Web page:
Last year, John Prescott, the Deputy Prime Minister, visited Poundbury and its chief inspiration, Seaside, Florida, and liked what he saw. The idea of 'coding' is now enshrined in the Office of the Deputy Prime Minister's selected scheme for the expansion of Ashford and elsewhere. Mr Prescott has also been meeting the Prince and members of his Foundation for Architecture, which has switched its efforts from training students to providing design services. Seaside was used for filming The Truman Show, in which the hero gradually discovers that his whole life is being spent on a film set. Paul Murrain of the Prince's Foundation counters the easy disparagement of this connection by asking whether people would prefer to live on the set of A Clockwork Orange. An interesting period is just beginning, in which CABE (the Commission for Architecture and the Built Environment) will have to mediate between these polarised positions on the government's behalf. If 'modern' is wrong, 'traditional' is not necessarily right, or vice versa.
How did we get into a state where the choices seemed so narrow? The past 50 years offer examples of middle positions, such as the SPAN housing designed by Eric Lyons, or the Norfolk council houses of Tayler and Green, but these models are now neglected. Everyone involved in this discussion tries to talk about 'quality' rather than 'style', but they have yet to persuade anyone that they can uncouple these issues from each other. None of the contesting parties has the whole of the answer, but each may have a section of it.
Other questions have produced other answers which, without prescribing what things will look like in any but the broadest terms, are probably more important. Good housing is difficult to build in present market conditions because the loans that finance it are short-term and there is no allowance for making the infrastructure or roads and landscape ahead of the housing, or for putting in a mixture of uses from the start, providing local employment and community facilities. Private landowners, such as the Duchy of Cornwall, are better placed to work in this way, but the Prince's Foundation is working on a masterplan for the expansion of Northampton which not only enforces codes, but will also achieve this phased growth.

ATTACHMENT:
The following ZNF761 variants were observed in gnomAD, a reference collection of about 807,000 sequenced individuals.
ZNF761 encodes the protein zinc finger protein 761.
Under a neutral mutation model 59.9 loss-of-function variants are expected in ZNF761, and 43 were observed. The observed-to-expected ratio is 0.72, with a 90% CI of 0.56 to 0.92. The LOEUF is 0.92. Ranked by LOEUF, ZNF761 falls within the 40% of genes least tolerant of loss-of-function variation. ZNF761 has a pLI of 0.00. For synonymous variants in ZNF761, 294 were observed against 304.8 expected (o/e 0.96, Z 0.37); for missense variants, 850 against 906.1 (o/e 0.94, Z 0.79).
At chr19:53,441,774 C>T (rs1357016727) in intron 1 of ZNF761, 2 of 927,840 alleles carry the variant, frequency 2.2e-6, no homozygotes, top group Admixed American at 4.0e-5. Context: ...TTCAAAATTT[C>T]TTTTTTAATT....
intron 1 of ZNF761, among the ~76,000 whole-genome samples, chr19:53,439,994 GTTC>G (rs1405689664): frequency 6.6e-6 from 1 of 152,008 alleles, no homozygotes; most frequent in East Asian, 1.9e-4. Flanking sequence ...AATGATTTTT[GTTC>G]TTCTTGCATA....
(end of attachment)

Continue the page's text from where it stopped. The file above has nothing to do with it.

Registered social landlords (or housing associations) have been more experimental in architectural patronage in recent years than private developers. In commissioning BedZed (Beddington Zero Fossil Energy Development) from the architect Bill Dunster, for example, the Peabody Trust has presented a new type of sustainable low-energy housing which offers its residents not only fuel economies built into the design, but also a lifestyle that can turn them, in Dunster's words, from `ecoslobs' into 'ecosaints', chiefly by organising grocery deliveries to the site and the opportunity to share in a car pool. Other forms of housing should do no less, although the New Urbanists would see BedZed as excessively concerned with one set of issues only. The private sector, meanwhile, expects a financial return so rapid that it will not yet consider building in this way.
The rate of expansion predicted will scarcely allow for the thinking time to resolve these contradictions, and, at best, different products will jostle for attention on the shelves of the housing supermarket. Maybe that is the best we can expect, but surrounded as we are by some of the most unstrenuously delightful dwellings produced in the history of the world, we might do better.